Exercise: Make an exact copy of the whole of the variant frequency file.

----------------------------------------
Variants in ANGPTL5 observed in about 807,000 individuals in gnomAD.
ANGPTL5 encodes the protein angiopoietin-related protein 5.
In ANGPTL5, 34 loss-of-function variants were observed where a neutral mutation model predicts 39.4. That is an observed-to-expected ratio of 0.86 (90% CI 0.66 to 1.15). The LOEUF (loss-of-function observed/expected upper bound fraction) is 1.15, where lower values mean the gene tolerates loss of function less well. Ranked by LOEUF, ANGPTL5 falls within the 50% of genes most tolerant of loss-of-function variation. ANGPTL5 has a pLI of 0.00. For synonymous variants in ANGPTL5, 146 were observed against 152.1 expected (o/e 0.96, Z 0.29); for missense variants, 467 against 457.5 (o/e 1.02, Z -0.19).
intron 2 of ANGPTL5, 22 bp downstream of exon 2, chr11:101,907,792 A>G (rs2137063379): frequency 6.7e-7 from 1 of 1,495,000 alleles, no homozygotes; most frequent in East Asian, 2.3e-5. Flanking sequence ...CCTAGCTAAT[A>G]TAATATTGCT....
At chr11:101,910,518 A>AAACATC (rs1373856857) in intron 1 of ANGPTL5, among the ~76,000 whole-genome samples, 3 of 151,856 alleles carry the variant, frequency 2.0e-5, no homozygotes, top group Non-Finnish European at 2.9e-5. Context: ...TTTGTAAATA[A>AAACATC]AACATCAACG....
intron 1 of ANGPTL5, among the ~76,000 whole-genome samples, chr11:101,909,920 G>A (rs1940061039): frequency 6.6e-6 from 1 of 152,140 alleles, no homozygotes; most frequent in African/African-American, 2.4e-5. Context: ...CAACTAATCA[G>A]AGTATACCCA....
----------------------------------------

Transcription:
Variants in ANGPTL5 observed in about 807,000 individuals in gnomAD.
ANGPTL5 encodes the protein angiopoietin-related protein 5.
In ANGPTL5, 34 loss-of-function variants were observed where a neutral mutation model predicts 39.4. That is an observed-to-expected ratio of 0.86 (90% CI 0.66 to 1.15). The LOEUF (loss-of-function observed/expected upper bound fraction) is 1.15, where lower values mean the gene tolerates loss of function less well. Ranked by LOEUF, ANGPTL5 falls within the 50% of genes most tolerant of loss-of-function variation. ANGPTL5 has a pLI of 0.00. For synonymous variants in ANGPTL5, 146 were observed against 152.1 expected (o/e 0.96, Z 0.29); for missense variants, 467 against 457.5 (o/e 1.02, Z -0.19).
intron 2 of ANGPTL5, 22 bp downstream of exon 2, chr11:101,907,792 A>G (rs2137063379): frequency 6.7e-7 from 1 of 1,495,000 alleles, no homozygotes; most frequent in East Asian, 2.3e-5. Flanking sequence ...CCTAGCTAAT[A>G]TAATATTGCT....
At chr11:101,910,518 A>AAACATC (rs1373856857) in intron 1 of ANGPTL5, among the ~76,000 whole-genome samples, 3 of 151,856 alleles carry the variant, frequency 2.0e-5, no homozygotes, top group Non-Finnish European at 2.9e-5. Context: ...TTTGTAAATA[A>AAACATC]AACATCAACG....
intron 1 of ANGPTL5, among the ~76,000 whole-genome samples, chr11:101,909,920 G>A (rs1940061039): frequency 6.6e-6 from 1 of 152,140 alleles, no homozygotes; most frequent in African/African-American, 2.4e-5. Context: ...CAACTAATCA[G>A]AGTATACCCA....